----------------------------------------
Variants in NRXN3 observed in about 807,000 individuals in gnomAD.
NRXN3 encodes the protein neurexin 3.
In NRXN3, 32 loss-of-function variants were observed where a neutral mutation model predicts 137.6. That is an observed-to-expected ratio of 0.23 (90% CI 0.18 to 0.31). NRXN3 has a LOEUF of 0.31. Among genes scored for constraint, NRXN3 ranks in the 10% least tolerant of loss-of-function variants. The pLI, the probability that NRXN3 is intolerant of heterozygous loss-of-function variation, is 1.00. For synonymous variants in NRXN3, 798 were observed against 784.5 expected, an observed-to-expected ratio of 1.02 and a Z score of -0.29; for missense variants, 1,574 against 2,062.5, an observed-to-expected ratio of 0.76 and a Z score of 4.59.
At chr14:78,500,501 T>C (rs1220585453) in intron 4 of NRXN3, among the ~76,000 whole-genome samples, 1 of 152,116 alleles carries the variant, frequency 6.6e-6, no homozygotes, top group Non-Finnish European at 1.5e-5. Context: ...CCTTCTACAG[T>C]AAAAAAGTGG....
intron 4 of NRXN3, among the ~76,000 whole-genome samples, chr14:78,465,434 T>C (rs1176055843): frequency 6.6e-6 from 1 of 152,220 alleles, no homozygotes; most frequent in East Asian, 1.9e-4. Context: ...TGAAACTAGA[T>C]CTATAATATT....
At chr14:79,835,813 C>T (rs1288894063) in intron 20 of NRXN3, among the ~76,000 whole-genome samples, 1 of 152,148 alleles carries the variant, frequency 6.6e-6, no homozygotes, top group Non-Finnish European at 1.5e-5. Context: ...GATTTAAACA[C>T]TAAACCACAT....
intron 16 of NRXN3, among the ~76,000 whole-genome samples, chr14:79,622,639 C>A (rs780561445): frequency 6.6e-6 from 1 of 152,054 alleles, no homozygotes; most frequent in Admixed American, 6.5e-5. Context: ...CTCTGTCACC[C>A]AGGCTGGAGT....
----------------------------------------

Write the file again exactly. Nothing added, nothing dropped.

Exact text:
Variants in NRXN3 observed in about 807,000 individuals in gnomAD.
NRXN3 encodes the protein neurexin 3.
In NRXN3, 32 loss-of-function variants were observed where a neutral mutation model predicts 137.6. That is an observed-to-expected ratio of 0.23 (90% CI 0.18 to 0.31). NRXN3 has a LOEUF of 0.31. Among genes scored for constraint, NRXN3 ranks in the 10% least tolerant of loss-of-function variants. The pLI, the probability that NRXN3 is intolerant of heterozygous loss-of-function variation, is 1.00. For synonymous variants in NRXN3, 798 were observed against 784.5 expected, an observed-to-expected ratio of 1.02 and a Z score of -0.29; for missense variants, 1,574 against 2,062.5, an observed-to-expected ratio of 0.76 and a Z score of 4.59.
At chr14:78,500,501 T>C (rs1220585453) in intron 4 of NRXN3, among the ~76,000 whole-genome samples, 1 of 152,116 alleles carries the variant, frequency 6.6e-6, no homozygotes, top group Non-Finnish European at 1.5e-5. Context: ...CCTTCTACAG[T>C]AAAAAAGTGG....
intron 4 of NRXN3, among the ~76,000 whole-genome samples, chr14:78,465,434 T>C (rs1176055843): frequency 6.6e-6 from 1 of 152,220 alleles, no homozygotes; most frequent in East Asian, 1.9e-4. Context: ...TGAAACTAGA[T>C]CTATAATATT....
At chr14:79,835,813 C>T (rs1288894063) in intron 20 of NRXN3, among the ~76,000 whole-genome samples, 1 of 152,148 alleles carries the variant, frequency 6.6e-6, no homozygotes, top group Non-Finnish European at 1.5e-5. Context: ...GATTTAAACA[C>T]TAAACCACAT....
intron 16 of NRXN3, among the ~76,000 whole-genome samples, chr14:79,622,639 C>A (rs780561445): frequency 6.6e-6 from 1 of 152,054 alleles, no homozygotes; most frequent in Admixed American, 6.5e-5. Context: ...CTCTGTCACC[C>A]AGGCTGGAGT....